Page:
# The difference between 0, false and null

Published December 7, 2011

There’s been a few things over the years that I’ve never really understood, and it took me quite a while to “get” them. Obviously I tried, but nobody’s descriptions ever made sense. Hopefully, this brief look at this topic might help at least one other person.

I’m going to write about 0, `false` and `null` – why they’re different, and why that’s important. I’m also going to write about the difference between a string and an integer, and ways of using all this in `if` and `for`.

0 is a number, as I’m sure you know. In binary it takes the part of “off” or “false”, and 1 is “on” or “true”. This is why 0 and false are often mixed.

There’s two types of 0 in PHP. The first is the integer (meaning, a whole number) 0, and the second is a string.

You’d form these in PHP like so

``````\$var1 = 0;
\$var2 = '0';
``````

`\$var1` is an integer, a whole number. You can use it in maths. `\$var2` is a string, a word or sentence. It’s just text as far as PHP is concerned, you might as well write the word “zero”.

If you’ve been using PHP for a while, you’ve probably got away without worrying about this and are probably wondering what I’m going about.

``````if (\$var1 == \$var2)
{
echo 'Oh, it worked!';
}
``````

What’s going on here? It’s because of how the operator works.

• `=` is an ‘assignment operator’. `\$var = 'cheese'` sets `\$var` to be a string of the word ‘cheese’.
• `==` is an ‘equal operator’. It compares the values.
• `===` is an ‘identical operator’. It compares the value and the type.

The key difference is between equal and identical. The `if` statement I wrote above works because I’m comparing the integer 0 with a string 0. Both values are 0, of sorts.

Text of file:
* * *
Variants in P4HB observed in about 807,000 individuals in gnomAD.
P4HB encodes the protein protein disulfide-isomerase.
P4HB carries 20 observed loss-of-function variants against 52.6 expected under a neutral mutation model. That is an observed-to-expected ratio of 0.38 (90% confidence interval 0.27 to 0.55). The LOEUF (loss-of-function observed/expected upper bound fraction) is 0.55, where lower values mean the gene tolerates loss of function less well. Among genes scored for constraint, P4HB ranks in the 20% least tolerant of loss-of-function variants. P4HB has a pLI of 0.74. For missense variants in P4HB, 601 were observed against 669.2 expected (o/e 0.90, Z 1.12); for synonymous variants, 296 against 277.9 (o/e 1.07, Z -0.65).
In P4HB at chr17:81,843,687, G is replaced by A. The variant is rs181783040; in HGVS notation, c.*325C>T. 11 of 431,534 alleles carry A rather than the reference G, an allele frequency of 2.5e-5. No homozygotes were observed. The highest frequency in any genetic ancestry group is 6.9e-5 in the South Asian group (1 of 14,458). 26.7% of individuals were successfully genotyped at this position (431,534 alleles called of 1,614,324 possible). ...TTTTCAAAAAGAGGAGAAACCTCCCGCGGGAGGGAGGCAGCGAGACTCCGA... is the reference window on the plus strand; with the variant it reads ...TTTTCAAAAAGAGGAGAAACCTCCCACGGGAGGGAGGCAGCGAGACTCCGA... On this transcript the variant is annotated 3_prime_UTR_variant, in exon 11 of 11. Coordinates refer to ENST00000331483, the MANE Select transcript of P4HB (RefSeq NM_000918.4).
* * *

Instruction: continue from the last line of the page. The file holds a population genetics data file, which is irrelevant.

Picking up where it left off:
But what happens if I try using three equals signs.

``````if (\$var1 === \$var2)
{
echo 'Ain’t going to happen!';
}
``````

Now I’m comparing types too, and a string isn’t an integer.

In the computer world, 0 is also used as `false`, as I discussed earlier. This works for operators too.

``````\$var1 = 0;
\$var2 = false;

if (\$var1 == \$var2)
{
echo 'Yep, totally worked.';
}
``````

But, again, if I used an identical operator, it would fail.

So why on earth is this important?

Let’s say you’re working with a database. You ask the database to count rows, and then let the user know how many rows there are.

`get_number_of_rows` is a fictional function I made up that returns either an integer of the number of rows, or it returns `false` if the database is broken.

``````\$rows = get_number_of_rows();

if (\$rows == 0)
{
echo 'There’s no rows :(';
}
``````

The problem is here, that if the database failed to load, it would return `false`. Using an equal operator (two equals signs), that matches 0 so the user would see “There’s no rows :(”.

So we use the identical operator to help tell the difference.

``````\$rows = get_number_of_rows();

if (\$rows === false)
{
echo 'Oh dear! Broken!';
}
elseif (\$rows === 0)
{
echo 'No rows :(';
}
else
{
echo 'There are '.\$rows.' rows!';
}
``````